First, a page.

WASHINGTON, D.C. — U.S. Representative Adam Kinzinger will go for his second two-year term in Congress next year, but in which legislative district is still undecided.
"Absolutely, I am running again," the Manteno Republican said earlier this week.
"The court case involving the redistricting is still pending, but regardless of whether I'll be running on the Democratic or the Republican map, I'm running in the district that represents Grundy County."
If the original redistricting map, which was drawn by the Democrats, survives the court challenge filed against it by U.S. House Republicans in July, Kinzinger will run in the new 16th District.
This district extends from Iroquois County at the Indiana border on the east, to Livingston, Grundy and La Salle counties in the center, and north to Boone and Winnebago counties at the Wisconsin border.
If the Fair Congressional Map, the version advocated by the Republicans, wins the court challenge, Kinzinger will run in the new 11th District.
This district extends from Iroquois, Champaign and Vermilion counties on the east, and continues through Livingston, Ford and McLean counties to Grundy and La Salle counties on the north.
No matter which of the two new districts in which he runs, Kinzinger said he will "be campaigning in Grundy and La Salle counties." He represents the current 11th District at this time.
Kinzinger said he will go back to the basics of his grassroots campaign for re-election.
"And I think I will do pretty well," he said. "I think the people of the district are ready for a new generation of leadership, and that's what I'm trying to offer."
The political maps are redrawn once every 10 years. They influence politics and policy making in the decade to follow. Because the Democrats control the state government, they influenced the redrawing of the new Congressional and Illinois legislative districts.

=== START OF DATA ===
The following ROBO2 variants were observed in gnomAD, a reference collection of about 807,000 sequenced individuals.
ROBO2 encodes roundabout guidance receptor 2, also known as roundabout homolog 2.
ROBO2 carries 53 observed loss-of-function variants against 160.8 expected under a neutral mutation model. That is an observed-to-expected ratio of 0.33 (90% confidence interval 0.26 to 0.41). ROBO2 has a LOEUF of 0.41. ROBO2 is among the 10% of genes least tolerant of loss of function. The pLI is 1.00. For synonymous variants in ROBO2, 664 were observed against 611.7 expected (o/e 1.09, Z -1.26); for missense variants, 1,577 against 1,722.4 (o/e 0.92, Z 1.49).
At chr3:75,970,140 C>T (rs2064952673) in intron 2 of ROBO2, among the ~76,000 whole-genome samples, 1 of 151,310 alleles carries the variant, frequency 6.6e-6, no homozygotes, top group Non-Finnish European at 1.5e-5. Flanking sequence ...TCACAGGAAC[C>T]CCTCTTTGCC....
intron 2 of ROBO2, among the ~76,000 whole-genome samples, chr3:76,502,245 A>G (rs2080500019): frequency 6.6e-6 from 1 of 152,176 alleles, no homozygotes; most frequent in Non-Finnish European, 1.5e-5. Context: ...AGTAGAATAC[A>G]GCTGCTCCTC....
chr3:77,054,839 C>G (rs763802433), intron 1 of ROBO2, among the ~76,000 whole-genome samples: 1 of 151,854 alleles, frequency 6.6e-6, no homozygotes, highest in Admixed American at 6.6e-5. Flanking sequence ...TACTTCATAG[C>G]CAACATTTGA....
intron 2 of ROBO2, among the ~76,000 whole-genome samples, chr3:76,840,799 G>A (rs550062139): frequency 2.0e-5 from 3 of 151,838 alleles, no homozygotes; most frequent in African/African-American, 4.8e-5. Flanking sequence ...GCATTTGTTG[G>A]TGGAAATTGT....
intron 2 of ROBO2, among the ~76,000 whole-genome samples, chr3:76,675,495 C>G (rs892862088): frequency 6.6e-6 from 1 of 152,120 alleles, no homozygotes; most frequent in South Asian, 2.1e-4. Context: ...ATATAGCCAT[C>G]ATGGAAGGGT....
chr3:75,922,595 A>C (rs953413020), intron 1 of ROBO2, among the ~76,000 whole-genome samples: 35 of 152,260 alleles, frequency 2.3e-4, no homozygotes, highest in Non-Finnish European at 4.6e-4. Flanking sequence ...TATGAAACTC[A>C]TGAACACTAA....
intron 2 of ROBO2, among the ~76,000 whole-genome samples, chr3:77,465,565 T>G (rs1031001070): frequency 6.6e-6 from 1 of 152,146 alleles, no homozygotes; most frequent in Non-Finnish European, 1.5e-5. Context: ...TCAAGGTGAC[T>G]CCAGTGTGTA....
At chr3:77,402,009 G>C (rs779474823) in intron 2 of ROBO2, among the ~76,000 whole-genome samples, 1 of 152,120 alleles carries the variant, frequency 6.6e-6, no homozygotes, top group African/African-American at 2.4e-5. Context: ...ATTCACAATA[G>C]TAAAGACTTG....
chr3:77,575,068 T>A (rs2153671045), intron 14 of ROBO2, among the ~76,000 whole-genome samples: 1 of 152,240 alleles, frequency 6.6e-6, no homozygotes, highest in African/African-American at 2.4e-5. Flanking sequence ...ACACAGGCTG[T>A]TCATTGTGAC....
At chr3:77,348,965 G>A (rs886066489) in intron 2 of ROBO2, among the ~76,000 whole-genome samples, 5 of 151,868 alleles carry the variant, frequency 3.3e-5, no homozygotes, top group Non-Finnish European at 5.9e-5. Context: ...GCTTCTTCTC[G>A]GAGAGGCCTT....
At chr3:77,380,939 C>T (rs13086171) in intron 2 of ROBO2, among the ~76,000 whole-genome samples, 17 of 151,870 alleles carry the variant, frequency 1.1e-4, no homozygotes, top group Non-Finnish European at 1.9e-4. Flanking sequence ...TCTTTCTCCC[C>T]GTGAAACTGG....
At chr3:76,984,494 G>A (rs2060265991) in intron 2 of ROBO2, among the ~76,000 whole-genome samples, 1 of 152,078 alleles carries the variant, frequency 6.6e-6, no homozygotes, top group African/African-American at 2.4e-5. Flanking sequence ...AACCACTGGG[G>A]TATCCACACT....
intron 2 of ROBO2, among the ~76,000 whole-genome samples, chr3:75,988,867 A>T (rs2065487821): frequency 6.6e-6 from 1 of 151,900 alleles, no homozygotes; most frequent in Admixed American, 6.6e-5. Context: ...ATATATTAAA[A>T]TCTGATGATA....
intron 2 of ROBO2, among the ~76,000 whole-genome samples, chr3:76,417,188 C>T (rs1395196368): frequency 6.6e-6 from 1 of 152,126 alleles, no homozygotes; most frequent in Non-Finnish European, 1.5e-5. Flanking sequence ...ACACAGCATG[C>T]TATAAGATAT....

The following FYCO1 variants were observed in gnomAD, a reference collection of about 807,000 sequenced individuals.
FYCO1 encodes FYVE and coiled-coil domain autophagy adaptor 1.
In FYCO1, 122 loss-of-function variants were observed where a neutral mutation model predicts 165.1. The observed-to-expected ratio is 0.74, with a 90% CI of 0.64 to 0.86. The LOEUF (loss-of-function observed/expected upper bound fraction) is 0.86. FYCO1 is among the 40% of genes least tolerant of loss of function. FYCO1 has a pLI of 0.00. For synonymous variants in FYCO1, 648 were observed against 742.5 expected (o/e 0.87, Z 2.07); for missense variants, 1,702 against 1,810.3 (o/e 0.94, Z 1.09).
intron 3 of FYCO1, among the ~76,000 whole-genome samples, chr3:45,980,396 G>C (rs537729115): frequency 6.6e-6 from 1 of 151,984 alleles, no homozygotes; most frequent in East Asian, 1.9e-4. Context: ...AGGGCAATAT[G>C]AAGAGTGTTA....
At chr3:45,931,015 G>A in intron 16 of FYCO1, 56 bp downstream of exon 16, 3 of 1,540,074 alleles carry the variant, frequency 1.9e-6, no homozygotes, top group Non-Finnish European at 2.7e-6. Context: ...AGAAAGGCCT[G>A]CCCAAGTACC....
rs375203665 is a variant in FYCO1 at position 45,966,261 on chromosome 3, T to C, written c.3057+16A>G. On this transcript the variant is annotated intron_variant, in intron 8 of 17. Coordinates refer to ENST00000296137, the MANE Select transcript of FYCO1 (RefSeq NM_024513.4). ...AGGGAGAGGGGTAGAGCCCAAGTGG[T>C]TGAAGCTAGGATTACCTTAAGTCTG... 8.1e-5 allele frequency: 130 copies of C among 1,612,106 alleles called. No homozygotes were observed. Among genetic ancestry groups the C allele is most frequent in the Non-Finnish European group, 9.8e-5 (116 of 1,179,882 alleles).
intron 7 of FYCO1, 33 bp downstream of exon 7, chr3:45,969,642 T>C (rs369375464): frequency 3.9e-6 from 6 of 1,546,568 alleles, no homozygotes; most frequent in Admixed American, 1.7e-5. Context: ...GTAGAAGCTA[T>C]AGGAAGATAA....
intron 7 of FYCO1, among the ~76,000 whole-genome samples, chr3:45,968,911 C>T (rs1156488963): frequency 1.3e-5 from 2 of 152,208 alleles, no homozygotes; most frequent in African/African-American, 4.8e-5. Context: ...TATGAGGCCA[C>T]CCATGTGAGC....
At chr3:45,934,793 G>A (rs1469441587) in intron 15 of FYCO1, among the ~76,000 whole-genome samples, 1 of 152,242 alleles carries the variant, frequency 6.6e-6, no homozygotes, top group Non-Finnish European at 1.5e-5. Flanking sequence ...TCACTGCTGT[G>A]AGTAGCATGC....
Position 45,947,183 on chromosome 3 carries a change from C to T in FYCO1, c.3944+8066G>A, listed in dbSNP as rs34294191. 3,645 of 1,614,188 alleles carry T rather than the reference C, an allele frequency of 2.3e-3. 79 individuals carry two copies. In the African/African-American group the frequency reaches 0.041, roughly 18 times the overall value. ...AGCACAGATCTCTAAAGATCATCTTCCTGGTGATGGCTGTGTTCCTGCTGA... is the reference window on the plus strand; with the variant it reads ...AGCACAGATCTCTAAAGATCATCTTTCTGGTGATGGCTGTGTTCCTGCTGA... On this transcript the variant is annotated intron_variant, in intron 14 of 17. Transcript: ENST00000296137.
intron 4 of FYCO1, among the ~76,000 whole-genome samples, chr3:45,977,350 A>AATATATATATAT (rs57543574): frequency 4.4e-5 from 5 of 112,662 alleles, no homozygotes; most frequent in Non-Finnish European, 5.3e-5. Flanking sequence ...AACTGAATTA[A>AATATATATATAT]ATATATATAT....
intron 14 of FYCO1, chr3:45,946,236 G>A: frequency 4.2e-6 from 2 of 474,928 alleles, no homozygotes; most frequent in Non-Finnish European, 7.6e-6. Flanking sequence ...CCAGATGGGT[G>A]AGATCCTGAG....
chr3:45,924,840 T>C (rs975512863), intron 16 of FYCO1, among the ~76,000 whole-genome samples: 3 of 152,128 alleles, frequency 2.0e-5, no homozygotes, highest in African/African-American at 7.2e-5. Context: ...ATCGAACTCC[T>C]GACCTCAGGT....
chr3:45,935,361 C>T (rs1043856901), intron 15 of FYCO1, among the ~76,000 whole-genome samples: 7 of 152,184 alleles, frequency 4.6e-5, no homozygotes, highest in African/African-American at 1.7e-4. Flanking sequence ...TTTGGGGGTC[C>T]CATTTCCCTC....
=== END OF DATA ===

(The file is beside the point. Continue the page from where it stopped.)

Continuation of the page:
The Democrats' political map was signed into law by Gov. Pat Quinn in July. Whether it's the Democrat or Fair Map version, the new map will be in effect through the redistricting that follows the 2020 Census.
"We lost the governor's race, they built their own map and we lost a lot of people," Kinzinger said. "It's too bad they can't keep the districts the way they have them now."
Candidates will face each other in the new districts in the March 2012 primary and in the General Election in November 2012, while at the same time, they will continue to represent their current districts. The new districts will go into effect when Congress is sworn into office in January 2013.
"I want to make it perfectly clear that I'm 100 percent committed to running again," Kinzinger said. "Some details will have to wait for the court case to be settled out. But obviously, I currently represent Grundy County, and I will continue to do so."
If the Democratic map wins the court case, Kinzinger, who now lives in the new 2nd District, will move into the new 16th District to run for re-election, he said. Which means Kinzinger would face current 16th District Representative Donald R. Manzullo, R-Rockford, in the March primary, if Manzullo decides to seek re-election in the new 16th District.
Morris resident Bronco Bojovic has also formed an exploratory committee and is weighing a run against the two incumbents in the 16th District Republican primary.
If Kinzinger did not move out of the new 2nd District, he would probably face Congressman Jesse Jackson Jr., D-Chicago, in the General Election.
Manzullo's spokesman in the Crystal Lake office said Tuesday the congressman will run for re-election to the new 16th District. He began circulating his petitions last week.
"We just don't know what the district will look like because, although it was approved by the Democrats in Springfield, it's being challenged in court," the spokesman said.
"We don't believe the Democratic map will stand."
The hearing on the court challenge is scheduled for mid-November. The court's decision is to be given "right after that," the spokesman said.